s, when some one told him how tourists had spoiled the country people in a part of Ireland. The Irish country people are simple and charming. Tourists make them servile, insolent, and base. "The Irish are easily corrupted," he said, "because they are so simple. When they're corrupted, they're hard, they're rude, they're everything that's bad. But they're only that where the low-class tourists go, from America, and Glasgow, and Liverpool and these places." He seldom praised people, either for their work or for their personality. When he spoke of acquaintances he generally quoted a third person. When he uttered a personal judgment it was always short, like "He's a great fellow," or "He's a grand fellow," or "Nobody in Ireland understands how big he is."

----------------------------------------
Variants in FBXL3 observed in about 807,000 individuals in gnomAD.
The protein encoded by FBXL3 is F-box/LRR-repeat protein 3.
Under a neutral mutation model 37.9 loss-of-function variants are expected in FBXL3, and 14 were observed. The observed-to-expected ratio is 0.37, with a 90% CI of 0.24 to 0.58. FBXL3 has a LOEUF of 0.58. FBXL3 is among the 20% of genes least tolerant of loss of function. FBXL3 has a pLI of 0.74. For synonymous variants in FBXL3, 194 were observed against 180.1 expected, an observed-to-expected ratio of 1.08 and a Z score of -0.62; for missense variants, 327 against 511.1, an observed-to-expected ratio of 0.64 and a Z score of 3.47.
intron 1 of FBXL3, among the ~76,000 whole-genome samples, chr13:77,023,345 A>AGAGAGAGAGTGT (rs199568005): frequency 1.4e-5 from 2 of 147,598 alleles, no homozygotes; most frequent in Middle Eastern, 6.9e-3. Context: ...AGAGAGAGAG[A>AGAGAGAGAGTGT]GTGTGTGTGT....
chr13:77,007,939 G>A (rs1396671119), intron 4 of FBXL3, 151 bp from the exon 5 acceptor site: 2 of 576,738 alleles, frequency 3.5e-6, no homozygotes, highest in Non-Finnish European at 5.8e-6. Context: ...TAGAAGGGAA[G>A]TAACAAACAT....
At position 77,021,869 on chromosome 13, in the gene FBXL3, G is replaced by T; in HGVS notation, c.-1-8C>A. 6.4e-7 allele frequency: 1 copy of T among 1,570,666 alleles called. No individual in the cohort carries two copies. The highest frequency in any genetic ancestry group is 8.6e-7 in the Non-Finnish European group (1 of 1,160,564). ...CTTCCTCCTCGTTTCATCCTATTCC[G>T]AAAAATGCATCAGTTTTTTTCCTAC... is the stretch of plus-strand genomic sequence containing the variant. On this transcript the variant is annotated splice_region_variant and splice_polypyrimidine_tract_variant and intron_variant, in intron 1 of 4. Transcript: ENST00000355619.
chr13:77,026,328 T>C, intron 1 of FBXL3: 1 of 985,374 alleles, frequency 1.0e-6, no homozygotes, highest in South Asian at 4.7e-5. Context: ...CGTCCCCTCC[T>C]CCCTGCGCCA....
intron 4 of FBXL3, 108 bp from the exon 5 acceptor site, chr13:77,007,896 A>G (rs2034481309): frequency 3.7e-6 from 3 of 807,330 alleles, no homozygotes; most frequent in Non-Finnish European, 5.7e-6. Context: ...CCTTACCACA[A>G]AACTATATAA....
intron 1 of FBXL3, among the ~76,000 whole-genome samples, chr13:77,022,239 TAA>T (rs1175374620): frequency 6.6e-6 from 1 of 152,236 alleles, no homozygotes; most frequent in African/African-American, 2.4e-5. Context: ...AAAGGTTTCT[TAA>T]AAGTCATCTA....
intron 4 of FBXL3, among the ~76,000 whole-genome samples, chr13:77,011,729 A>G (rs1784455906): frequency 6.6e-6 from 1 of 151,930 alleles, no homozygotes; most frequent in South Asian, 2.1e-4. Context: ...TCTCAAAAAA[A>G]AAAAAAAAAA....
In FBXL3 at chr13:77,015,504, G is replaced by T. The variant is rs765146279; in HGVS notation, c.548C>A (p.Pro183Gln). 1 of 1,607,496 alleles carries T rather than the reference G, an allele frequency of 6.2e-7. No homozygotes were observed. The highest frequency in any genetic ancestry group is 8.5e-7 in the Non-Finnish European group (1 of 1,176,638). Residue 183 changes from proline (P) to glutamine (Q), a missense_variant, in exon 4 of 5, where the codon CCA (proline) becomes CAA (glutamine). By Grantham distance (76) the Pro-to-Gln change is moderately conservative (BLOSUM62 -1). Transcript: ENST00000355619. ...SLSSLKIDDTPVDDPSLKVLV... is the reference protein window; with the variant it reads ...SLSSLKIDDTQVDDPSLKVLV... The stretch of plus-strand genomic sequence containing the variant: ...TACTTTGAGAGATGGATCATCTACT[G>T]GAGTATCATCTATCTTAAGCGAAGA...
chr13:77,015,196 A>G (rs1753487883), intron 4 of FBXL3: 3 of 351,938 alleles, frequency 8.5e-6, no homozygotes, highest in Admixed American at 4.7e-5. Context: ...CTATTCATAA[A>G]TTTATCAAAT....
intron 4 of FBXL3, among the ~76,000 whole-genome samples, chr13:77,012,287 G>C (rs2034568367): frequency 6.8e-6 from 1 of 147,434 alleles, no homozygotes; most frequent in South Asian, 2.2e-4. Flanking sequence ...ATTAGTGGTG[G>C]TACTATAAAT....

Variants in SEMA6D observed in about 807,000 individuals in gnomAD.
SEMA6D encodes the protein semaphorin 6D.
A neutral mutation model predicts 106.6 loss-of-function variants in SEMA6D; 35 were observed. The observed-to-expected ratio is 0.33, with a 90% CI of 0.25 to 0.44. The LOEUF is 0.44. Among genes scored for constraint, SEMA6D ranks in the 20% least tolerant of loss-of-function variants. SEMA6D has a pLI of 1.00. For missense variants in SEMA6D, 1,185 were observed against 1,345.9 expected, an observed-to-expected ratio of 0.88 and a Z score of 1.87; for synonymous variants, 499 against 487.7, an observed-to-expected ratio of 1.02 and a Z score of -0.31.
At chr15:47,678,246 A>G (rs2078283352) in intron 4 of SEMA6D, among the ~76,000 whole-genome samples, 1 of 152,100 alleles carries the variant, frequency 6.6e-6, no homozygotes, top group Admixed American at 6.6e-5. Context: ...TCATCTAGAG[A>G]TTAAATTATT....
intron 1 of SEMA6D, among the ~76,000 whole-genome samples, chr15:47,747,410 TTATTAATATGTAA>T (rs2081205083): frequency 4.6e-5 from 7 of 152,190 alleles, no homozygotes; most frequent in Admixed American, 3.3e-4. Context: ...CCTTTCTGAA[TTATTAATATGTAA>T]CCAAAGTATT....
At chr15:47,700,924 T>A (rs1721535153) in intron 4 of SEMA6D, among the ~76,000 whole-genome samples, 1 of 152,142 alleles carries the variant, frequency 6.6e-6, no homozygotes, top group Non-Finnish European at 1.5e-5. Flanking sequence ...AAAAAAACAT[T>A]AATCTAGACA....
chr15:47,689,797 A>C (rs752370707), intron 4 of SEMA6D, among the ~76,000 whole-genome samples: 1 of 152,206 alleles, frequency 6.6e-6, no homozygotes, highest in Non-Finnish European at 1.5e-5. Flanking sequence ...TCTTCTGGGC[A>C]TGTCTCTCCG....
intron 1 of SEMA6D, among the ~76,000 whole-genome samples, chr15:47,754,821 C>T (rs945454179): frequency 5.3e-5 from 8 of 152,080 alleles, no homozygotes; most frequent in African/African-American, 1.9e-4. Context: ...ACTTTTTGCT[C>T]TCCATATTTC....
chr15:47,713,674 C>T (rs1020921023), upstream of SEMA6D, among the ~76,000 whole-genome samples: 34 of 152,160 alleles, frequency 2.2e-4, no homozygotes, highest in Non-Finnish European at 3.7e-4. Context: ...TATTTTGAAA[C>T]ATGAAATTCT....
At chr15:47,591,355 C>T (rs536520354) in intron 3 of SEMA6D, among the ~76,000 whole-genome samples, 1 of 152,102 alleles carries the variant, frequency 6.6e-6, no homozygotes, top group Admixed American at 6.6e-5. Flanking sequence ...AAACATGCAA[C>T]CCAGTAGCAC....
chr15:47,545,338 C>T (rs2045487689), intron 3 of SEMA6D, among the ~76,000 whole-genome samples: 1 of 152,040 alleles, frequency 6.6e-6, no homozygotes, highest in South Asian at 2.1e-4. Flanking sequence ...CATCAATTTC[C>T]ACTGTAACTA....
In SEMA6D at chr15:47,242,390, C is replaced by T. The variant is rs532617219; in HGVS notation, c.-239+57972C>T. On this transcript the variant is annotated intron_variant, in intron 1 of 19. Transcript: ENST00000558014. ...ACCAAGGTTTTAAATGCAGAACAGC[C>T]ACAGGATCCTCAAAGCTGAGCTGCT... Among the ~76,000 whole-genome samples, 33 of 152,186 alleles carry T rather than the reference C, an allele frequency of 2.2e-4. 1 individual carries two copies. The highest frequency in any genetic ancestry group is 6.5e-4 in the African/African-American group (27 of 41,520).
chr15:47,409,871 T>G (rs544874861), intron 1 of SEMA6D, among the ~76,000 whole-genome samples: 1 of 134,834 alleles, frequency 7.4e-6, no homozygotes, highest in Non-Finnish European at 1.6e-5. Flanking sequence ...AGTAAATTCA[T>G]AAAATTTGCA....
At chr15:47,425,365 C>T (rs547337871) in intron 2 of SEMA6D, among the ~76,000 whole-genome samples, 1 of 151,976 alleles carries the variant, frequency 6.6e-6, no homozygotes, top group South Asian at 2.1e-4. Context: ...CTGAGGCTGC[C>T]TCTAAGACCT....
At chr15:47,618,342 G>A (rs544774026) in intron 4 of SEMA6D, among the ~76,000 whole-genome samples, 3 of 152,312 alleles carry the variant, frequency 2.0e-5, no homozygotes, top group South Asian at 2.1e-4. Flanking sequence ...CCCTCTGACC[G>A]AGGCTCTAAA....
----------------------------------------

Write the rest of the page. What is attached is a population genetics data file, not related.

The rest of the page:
On one occasion (I think in 1906) we lunched together (at the Vienna Cafe.) He told me with huge delight about his adventures in the wilds. He had lodged in a cabin far from the common roads. There was no basin in his bed-room. He asked for one, so that h